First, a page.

Community Development Publications
Consumer Credit Trends for Texas
Mortgage delinquency rates in all counties in this study and the state of Texas were low in the early 2000s and then spiked during the Great Recession. Dallas County had the highest serious delinquency rate during the recession, reaching 5.41 percent in 2010. With the exception of El Paso County, other counties and the state as a whole have seen their serious delinquency rates fall even lower than their prerecession rates. Notably, Travis County saw a relatively small spike in delinquencies during the housing crisis and today has an especially small delinquency rate of under 0.5 percent. One potential explanation for this trend is that there is a greater share of prime borrowers in Travis County than there are in other parts of the state. Travis County also boasts higher educational attainment rates and higher median incomes, both of which tend to be correlated with better credit scores. A Travis County report on these issues will be forthcoming in 2019. Chart 2 shows the 16-year trend of mortgage delinquency rate in five of the most populous Texas counties and Texas as a whole.
Statewide, the share of the mortgage loan volume that belongs to prime borrowers has gotten larger over time. In 2006, before the housing crisis, 67 percent of the aggregate volume belonged to prime borrowers. That figure grew to 81 percent by 2018. The median loan amount also increased from nearly $121,000 in 2006 (in 2018 dollars) to over $134,000 in 2018.
Digging deeper into the data, it appears that two phenomena are at play. First, from 2006 to 2018, the average mortgage amount increased for prime borrowers, but not for subprime borrowers. Those with prime credit appear to be accessing more expensive houses than they were 12 years ago, while their peers with lower credit scores have experienced no change. Second, in those 12 years, there has been a significant decline in the number of subprime borrowers who even have a mortgage. In 2006, there were close to 940,000 Texans with subprime or deep subprime credit who had a mortgage; by 2018, this number dropped to fewer than 600,000 (Figure 3). Even the number of mortgage holders with “near prime” credit—not typically considered to be very risky borrowers—decreased by 98,000 borrowers or 15 percent between 2006 and 2018. Meanwhile, the number of prime mortgage holders grew by 36 percent over the same time frame, increasing from 2.6 million borrowers to almost 3.6 million.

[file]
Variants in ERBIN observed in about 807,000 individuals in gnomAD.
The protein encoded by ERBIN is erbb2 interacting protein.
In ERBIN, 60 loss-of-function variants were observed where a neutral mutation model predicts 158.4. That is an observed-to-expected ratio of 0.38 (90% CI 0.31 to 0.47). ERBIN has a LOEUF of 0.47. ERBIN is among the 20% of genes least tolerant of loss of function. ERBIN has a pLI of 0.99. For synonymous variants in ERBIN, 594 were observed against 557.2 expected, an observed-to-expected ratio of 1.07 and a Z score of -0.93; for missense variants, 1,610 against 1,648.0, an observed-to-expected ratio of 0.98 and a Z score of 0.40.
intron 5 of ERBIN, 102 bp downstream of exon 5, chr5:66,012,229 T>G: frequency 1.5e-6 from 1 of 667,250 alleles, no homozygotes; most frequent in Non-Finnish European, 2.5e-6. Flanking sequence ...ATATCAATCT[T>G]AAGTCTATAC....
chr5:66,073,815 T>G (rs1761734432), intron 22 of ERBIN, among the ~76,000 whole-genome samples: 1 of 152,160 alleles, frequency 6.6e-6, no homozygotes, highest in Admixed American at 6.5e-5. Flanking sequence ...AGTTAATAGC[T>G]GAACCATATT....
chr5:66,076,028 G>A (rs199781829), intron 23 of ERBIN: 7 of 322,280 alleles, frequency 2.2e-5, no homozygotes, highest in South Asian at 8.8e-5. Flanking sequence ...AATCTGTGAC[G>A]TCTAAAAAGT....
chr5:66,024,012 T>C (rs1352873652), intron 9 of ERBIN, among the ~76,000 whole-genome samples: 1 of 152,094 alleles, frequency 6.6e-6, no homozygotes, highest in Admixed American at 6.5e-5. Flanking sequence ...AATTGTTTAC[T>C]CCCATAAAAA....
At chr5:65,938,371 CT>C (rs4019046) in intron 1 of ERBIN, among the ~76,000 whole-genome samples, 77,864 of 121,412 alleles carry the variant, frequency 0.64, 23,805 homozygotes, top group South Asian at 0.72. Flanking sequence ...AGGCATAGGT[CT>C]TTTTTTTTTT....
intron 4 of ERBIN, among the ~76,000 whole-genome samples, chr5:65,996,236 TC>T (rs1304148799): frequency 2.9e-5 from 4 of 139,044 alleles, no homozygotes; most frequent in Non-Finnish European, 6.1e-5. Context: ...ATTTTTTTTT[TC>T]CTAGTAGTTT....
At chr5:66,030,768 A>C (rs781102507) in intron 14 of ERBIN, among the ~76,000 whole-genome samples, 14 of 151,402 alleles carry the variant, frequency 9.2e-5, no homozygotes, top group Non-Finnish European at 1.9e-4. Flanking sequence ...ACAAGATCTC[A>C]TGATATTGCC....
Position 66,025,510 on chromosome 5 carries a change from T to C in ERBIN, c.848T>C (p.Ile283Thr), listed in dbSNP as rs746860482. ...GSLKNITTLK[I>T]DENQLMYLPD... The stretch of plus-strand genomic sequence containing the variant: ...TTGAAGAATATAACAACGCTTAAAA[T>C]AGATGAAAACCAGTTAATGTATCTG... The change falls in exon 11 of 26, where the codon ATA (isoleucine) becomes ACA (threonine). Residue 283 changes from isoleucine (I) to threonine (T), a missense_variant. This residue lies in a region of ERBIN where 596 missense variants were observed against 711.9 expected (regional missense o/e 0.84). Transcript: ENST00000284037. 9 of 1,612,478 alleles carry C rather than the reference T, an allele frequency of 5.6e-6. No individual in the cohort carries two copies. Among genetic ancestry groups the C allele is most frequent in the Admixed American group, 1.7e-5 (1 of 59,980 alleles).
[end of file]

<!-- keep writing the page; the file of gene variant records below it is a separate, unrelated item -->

Figure 3: Texans with Subprime Mortgages
Although the overall credit economy had been trending more toward prime credit in that time period, the impact has been a bit larger in the mortgage market, where lending standards have fluctuated post-recession, especially for subprime borrowers. In 2006, prime borrowers held a 16 percent larger share of the mortgage market than they did the overall credit market. In 2018, that gap widened to 21 percent, with prime borrowers holding 55 percent of the overall market and 76 percent of the mortgage market. Is this decline in non-prime borrowers in the mortgage market a result of improving credit scores, or is it because those with non-prime credit have less access to credit than they once did? The answer is beyond the scope of this paper, but these data, taken together with the increase in the credit-invisible population, suggest that a combination of both factors is likely at play. The Dallas Fed will explore this question further in future publications on credit scores and housing.